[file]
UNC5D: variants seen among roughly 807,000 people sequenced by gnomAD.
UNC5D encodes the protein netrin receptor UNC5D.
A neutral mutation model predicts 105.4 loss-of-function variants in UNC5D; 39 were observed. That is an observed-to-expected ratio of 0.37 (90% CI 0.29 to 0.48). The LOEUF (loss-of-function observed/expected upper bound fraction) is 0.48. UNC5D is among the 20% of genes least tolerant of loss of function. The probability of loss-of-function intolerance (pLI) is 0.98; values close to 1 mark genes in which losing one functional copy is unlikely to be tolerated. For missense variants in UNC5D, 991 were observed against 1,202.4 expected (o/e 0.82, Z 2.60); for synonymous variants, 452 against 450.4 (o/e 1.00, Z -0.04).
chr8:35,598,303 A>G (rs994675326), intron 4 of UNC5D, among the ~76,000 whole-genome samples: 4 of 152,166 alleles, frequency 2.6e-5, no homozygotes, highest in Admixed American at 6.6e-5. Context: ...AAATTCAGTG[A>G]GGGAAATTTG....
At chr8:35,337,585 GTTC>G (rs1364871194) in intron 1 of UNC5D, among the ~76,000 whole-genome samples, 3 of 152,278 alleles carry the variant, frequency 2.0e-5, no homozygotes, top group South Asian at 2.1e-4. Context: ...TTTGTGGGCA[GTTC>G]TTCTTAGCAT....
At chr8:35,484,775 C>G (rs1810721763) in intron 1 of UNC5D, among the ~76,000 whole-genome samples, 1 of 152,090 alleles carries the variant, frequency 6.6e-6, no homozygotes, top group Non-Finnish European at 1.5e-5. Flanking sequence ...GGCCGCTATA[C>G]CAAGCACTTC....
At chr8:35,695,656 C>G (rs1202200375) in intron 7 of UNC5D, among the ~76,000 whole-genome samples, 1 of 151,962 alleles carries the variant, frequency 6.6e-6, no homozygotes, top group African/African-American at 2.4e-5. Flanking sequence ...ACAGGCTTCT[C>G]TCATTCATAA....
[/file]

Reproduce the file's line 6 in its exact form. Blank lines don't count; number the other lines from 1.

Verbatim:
At chr8:35,484,775 C>G (rs1810721763) in intron 1 of UNC5D, among the ~76,000 whole-genome samples, 1 of 152,090 alleles carries the variant, frequency 6.6e-6, no homozygotes, top group Non-Finnish European at 1.5e-5. Flanking sequence ...GGCCGCTATA[C>G]CAAGCACTTC....